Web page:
UFC tightens COVID-19 safety protocols ahead of 9 Las Vegas events

·Combat columnist
·4 min read

LAS VEGAS —The UFC’s trip to Abu Dhabi not only produced fireworks in the cage and the development of several notable prospects, but it also provided some lessons on safety in its fight against the coronavirus.

Lawrence Epstein, the UFC’s chief operating officer, told Yahoo Sports on Wednesday that the company has enhanced its safety protocols, with the most significant being that fighters and their corners must produce a negative COVID-19 test before flying to Las Vegas for a fight.

Epstein noted that there were positive tests before members of the 670-person UFC delegation left their homes, but once inside of the Fight Island bubble, there were zero positive tests in the more than three weeks they were there.

There were 2,632 tests administered in Abu Dhabi with zero positive test results.

“Once we got onto Fight Island, we were in a true bubble,” Epstein said. “I believe it’s the only bubble, the only true bubble, that’s been created to date. You couldn’t leave. If you did leave, you weren’t allowed to come back in. All of the staff that was working at the hotels, the restaurants and at the events, they had already quarantined on the island for up to a month and were being rigorously tested during the period of time they were on the island.

“I think it had a lot to do with those factors that we didn’t have any positive tests once people got to Abu Dhabi.”

The UFC has nine events at its Apex facility in August, and these enhanced protocols will be in effect for those, beginning with Saturday’s card headlined by a middleweight bout between Derek Brunson and Edmen Shahbazyan.

The new protocols include:

  • Expanded testing, requiring all fighters and their corners traveling to Las Vegas to produce a negative test result before they travel.

  • Upon arrival at the host hotels, fighters, corners, officials, media and others will be immediately tested in a tent outside of the hotel instead of going into the hotel for the test. Then, they will be quarantined in a room until they produce a negative result. If they are positive, they will be sent to another hotel to quarantine. Las Vegas residents who test positive will be sent home to quarantine.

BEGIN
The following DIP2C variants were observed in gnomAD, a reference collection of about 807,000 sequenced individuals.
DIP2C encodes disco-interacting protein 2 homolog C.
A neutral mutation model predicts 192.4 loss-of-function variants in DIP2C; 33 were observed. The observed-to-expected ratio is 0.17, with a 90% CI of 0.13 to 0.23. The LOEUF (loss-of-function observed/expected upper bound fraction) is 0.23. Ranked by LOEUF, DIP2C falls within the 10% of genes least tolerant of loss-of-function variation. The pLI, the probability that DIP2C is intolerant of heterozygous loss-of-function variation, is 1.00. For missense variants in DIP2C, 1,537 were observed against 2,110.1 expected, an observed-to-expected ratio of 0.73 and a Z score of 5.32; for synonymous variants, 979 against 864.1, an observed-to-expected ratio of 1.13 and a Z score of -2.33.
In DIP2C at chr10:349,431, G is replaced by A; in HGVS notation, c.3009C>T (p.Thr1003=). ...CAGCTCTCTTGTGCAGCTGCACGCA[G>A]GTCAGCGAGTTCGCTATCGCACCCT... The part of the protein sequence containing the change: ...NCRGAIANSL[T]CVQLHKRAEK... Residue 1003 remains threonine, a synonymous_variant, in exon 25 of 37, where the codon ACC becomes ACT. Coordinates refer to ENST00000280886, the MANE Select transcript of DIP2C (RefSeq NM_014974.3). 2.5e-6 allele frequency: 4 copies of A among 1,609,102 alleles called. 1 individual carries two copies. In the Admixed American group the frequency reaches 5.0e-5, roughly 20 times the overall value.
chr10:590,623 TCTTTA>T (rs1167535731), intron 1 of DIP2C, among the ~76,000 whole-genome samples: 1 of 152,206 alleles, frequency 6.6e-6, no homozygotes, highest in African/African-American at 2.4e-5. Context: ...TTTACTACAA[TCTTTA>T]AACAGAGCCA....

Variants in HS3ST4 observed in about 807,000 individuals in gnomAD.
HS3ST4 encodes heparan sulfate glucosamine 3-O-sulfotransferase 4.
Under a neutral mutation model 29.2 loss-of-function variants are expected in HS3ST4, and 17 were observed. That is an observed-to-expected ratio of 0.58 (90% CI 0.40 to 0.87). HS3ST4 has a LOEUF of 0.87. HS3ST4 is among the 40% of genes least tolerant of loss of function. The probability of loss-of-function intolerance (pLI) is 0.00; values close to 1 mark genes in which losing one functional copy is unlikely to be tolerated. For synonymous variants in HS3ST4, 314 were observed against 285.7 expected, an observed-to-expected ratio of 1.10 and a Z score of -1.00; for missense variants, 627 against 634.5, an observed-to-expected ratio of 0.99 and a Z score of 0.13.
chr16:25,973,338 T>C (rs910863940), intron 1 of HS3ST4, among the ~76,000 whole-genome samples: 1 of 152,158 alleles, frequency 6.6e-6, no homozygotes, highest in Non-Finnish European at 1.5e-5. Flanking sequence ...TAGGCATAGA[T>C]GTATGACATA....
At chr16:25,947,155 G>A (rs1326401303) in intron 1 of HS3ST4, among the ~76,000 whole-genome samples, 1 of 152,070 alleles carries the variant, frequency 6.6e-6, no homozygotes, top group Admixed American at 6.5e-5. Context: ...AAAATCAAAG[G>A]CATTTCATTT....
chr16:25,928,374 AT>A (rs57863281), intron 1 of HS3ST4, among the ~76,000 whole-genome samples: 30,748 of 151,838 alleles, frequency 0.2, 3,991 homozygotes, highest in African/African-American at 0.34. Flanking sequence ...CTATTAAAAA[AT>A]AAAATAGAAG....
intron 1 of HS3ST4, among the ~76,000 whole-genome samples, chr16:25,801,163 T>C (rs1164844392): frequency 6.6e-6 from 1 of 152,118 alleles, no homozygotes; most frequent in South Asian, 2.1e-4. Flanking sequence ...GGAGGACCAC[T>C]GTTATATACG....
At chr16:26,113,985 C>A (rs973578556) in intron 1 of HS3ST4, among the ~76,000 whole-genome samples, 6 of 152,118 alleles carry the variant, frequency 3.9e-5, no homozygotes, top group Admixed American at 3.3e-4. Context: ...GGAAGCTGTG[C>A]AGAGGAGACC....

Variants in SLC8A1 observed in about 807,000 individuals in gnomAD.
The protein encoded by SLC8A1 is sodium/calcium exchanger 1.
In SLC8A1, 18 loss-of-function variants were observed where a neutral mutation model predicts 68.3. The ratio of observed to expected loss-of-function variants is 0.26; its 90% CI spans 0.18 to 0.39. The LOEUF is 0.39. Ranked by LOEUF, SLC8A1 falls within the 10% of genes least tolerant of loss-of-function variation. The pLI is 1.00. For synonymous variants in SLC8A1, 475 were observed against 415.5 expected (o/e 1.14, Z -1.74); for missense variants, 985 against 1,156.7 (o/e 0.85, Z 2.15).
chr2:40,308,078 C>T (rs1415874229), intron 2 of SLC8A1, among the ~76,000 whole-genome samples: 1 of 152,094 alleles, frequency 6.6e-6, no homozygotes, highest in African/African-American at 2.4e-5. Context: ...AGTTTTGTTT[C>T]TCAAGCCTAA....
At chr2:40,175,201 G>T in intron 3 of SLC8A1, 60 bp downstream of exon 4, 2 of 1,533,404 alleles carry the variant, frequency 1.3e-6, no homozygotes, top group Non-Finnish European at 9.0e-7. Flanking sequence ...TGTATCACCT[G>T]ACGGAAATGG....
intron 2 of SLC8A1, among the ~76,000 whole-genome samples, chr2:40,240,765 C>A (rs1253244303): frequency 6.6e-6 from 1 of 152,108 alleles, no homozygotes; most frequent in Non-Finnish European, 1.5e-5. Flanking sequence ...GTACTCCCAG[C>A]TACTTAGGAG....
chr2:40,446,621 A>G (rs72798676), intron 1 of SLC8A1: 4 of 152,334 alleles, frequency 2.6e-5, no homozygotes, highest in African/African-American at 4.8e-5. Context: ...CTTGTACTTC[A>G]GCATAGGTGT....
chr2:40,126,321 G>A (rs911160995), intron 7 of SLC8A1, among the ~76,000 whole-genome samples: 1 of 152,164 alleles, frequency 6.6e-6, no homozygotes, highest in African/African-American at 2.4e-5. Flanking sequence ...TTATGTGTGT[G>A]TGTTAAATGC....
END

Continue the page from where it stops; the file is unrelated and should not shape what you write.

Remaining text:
• After receiving a negative test, fighters and their corners will be given an individual check-in time in an attempt to limit congestion in the area. Previously, fighters and their teams would stand in line waiting to be checked in by the UFC.

  • Host hotels will now be cleaned hourly, as opposed to three times daily previously. The UFC has acquired additional electrostatic disinfectant sprayers and has hired a professional cleaning crew to use them as opposed to having its own staff do that job. There will be no members of the public in any of the host hotels, only those involved in the UFC events.

  • The UFC will recommend face shields, in addition to masks and gloves, for certain personnel.

“We are going above and beyond, but that’s part of the ethos of what we stand for,” said Epstein, who said the new procedures would add significant additional expense to staging the shows. “We’re not here to simply do what is required or what is adequate. That’s not the standard we live by. We learned in Abu Dhabi how to do this better and it just made sense that we would apply those lessons for the nine events we have here in August to make things safer for everyone.”

Epstein said that having the tents outside was a simple but wise idea the UFC eagerly adopted.

“We were requiring everyone to wear masks and socially distance while they waited to be tested, but instead of bringing them into the hotel and doing that, we’ll do it outside,” Epstein said. “That way, if anyone sneezes or coughs, they’re not bringing it into the hotel where COVID could wind up on some surface.”

The primary thing, though, is requiring the negative test results before traveling to Las Vegas. That is why Abu Dhabi was so successful, he said, and he believes it will play a big part in making the events in Las Vegas safer.

In this Saturday, May 9, 2020 photo, photographer Jason Vinlove, right, gets tested for COVID-19 antibodies before covering UFC 249 mixed martial arts event in Jacksonville, Fla.  There is no universal playbook for coronavirus testing in professional sports. Protocols and procedures, guidelines and handbooks, they could be as different as the rulebooks that govern leagues around the world. UFC performed nasal swabs and/or blood tests for roughly 1,200 people on site during its weeklong stay in Jacksonville, part of the mixed martial arts behemoth’s health and safety protocols. (AP Photo/John Raoux)
In this Saturday, May 9, 2020 photo, photographer Jason Vinlove, right, gets tested for COVID-19 antibodies before covering UFC 249 in Jacksonville, Florida. (AP Photo/John Raoux)

More from Yahoo Sports:

Our goal is to create a safe and engaging place for users to connect over interests and passions. In order to improve our community experience, we are temporarily suspending article commenting